I don't ever say in that situation "I have target panic". Although in reality, I believe that is exactly what I have. A lack of confidence. The difference is I know it... and since my whole sequence isn't automatic, I can acknowledge the issue and have a path to move forward (not an easy path... but a path.)

I could imagine that if I relied on subconscious for everything, including the trigger that says it is okay to shoot... I could fall into a scenario where those confidence/panic events take over and I am out of control.

I am NOT going to say that conscious shooting is better than subconscious shooting. I think there are definite tradeoffs. I personally believe that it is easier to panic when you are having to think through the shot... and you can insert doubt really easily. When you don't worry about it, there is less opportunity to overthink it. I think that is a plus. But on the flip side, when you don't put any thought into it... you open yourself up to getting out of control. Tons of folks are better archers than me that shoot both ways... so again, one isn't "better", but...I do think you have to pick your poison at some point and it will boil down to personal preference.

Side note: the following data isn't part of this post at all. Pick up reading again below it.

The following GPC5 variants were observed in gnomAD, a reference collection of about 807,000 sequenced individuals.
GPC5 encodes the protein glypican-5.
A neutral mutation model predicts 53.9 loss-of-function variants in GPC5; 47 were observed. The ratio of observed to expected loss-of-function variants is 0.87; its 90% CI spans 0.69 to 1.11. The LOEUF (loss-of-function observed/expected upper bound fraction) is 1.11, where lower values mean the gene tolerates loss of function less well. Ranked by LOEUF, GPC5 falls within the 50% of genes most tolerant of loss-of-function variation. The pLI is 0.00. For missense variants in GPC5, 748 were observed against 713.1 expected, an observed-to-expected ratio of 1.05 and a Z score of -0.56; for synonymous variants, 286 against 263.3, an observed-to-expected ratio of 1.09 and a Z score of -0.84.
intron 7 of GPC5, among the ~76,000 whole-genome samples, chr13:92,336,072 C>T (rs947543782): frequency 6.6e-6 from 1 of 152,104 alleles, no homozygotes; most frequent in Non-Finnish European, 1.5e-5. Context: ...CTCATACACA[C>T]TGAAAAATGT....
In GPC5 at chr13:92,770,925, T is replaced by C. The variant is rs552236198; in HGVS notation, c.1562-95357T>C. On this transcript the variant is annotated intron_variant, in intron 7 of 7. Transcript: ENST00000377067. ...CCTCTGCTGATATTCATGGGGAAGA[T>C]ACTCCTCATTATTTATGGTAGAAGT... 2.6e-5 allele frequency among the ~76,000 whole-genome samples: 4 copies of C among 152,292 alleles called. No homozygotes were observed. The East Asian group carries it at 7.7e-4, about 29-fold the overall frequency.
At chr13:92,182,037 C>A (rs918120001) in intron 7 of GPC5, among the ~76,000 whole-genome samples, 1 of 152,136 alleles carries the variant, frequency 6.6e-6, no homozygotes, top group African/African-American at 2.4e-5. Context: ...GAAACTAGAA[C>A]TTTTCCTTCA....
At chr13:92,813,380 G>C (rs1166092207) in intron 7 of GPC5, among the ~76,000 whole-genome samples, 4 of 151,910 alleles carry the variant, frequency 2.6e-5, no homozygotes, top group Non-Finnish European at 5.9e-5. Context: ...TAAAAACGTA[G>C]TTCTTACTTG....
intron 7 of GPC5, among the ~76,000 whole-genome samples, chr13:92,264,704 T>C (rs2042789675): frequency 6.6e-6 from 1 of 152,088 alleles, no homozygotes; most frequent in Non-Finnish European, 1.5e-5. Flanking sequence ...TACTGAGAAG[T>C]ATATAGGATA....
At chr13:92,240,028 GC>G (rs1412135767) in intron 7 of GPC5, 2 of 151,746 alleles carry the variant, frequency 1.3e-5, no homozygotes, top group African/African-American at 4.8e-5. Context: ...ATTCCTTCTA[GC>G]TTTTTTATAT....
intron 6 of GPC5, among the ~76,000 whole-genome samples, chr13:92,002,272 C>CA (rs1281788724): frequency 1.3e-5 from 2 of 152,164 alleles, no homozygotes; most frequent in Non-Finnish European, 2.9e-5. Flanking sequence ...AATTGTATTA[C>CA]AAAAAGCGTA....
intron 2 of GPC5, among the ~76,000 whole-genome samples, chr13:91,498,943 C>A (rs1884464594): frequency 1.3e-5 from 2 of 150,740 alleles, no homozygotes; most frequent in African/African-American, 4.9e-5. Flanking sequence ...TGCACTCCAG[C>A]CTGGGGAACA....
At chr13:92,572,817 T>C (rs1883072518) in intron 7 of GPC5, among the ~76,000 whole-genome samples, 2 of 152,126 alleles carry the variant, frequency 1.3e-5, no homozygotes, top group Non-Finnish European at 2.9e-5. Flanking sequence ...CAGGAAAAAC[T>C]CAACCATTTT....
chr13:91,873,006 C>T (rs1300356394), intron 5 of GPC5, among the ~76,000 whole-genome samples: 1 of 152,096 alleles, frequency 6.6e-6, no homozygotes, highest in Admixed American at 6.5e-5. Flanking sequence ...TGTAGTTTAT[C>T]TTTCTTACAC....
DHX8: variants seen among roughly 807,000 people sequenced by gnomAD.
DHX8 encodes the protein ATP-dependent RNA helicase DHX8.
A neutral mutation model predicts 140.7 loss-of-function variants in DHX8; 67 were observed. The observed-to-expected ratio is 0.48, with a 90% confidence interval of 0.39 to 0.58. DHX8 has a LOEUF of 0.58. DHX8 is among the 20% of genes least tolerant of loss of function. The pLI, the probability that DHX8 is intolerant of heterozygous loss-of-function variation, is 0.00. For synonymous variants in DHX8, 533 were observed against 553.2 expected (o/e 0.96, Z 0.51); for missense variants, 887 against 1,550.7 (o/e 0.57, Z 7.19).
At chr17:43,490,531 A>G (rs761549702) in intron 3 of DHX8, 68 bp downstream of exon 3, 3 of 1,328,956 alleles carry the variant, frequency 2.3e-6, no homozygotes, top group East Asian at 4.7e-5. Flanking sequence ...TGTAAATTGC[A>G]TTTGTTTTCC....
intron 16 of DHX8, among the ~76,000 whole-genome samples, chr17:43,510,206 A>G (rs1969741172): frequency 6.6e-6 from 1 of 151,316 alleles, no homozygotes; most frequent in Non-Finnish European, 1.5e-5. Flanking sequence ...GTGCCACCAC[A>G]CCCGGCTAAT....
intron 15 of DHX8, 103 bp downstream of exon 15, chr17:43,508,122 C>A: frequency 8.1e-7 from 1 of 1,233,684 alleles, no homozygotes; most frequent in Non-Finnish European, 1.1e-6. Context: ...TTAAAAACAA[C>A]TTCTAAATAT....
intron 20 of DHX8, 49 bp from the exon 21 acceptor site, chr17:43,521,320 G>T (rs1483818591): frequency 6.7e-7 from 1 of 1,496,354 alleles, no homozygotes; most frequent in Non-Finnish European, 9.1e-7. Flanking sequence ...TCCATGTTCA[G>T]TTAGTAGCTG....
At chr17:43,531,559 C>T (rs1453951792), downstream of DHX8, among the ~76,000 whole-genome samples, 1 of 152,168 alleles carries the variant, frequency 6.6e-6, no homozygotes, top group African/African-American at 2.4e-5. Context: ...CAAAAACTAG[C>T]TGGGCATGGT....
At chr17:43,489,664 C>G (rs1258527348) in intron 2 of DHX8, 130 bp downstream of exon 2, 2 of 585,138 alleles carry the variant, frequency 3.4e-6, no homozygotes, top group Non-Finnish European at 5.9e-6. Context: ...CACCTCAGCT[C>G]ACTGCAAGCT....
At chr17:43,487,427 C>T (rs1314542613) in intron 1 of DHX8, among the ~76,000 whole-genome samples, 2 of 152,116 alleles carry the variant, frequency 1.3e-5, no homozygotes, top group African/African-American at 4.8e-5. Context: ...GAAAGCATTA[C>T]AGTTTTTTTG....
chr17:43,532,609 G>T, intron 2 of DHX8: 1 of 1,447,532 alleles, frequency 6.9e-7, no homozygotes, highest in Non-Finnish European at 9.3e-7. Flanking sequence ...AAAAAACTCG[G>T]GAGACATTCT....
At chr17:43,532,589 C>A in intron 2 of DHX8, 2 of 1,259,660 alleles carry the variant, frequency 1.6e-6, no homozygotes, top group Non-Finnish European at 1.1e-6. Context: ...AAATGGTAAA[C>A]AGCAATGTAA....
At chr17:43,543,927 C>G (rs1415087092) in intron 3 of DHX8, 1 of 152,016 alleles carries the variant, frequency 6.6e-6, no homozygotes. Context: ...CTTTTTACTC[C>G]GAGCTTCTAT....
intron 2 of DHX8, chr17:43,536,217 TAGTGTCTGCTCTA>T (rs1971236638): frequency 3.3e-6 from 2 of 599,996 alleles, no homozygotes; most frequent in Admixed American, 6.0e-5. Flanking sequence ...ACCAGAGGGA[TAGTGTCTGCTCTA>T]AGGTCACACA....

Last edited by SwampRabbit; 10-03-2018 at 11:05 AM.
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Old 10-04-2018, 11:39 AM   #26
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I think the force is just so strong in me that the arrow goes where my mind wills it to go. But for some reason every now and then it'll will one into the privacy fence.
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Old 10-04-2018, 12:21 PM   #27
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Quote:
Originally Posted by CRM_95 View Post
I think the force is just so strong in me that the arrow goes where my mind wills it to go. But for some reason every now and then it'll will one into the privacy fence.
who you thinking about that lives on the other side of that fence?
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Old 10-04-2018, 06:24 PM   #28
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That's why I have big horse stall mat behind the target. Sometimes my force has ADD.

Gary
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Old 10-09-2018, 09:16 PM   #29
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Quote:
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That's why I have big horse stall mat behind the target. Sometimes my force has ADD.

Gary
LOL!!! *See the target...... draw.......... anchor....... SQUIRREL!!!!! FWWIIIPPP!* "Dang it."



Richard.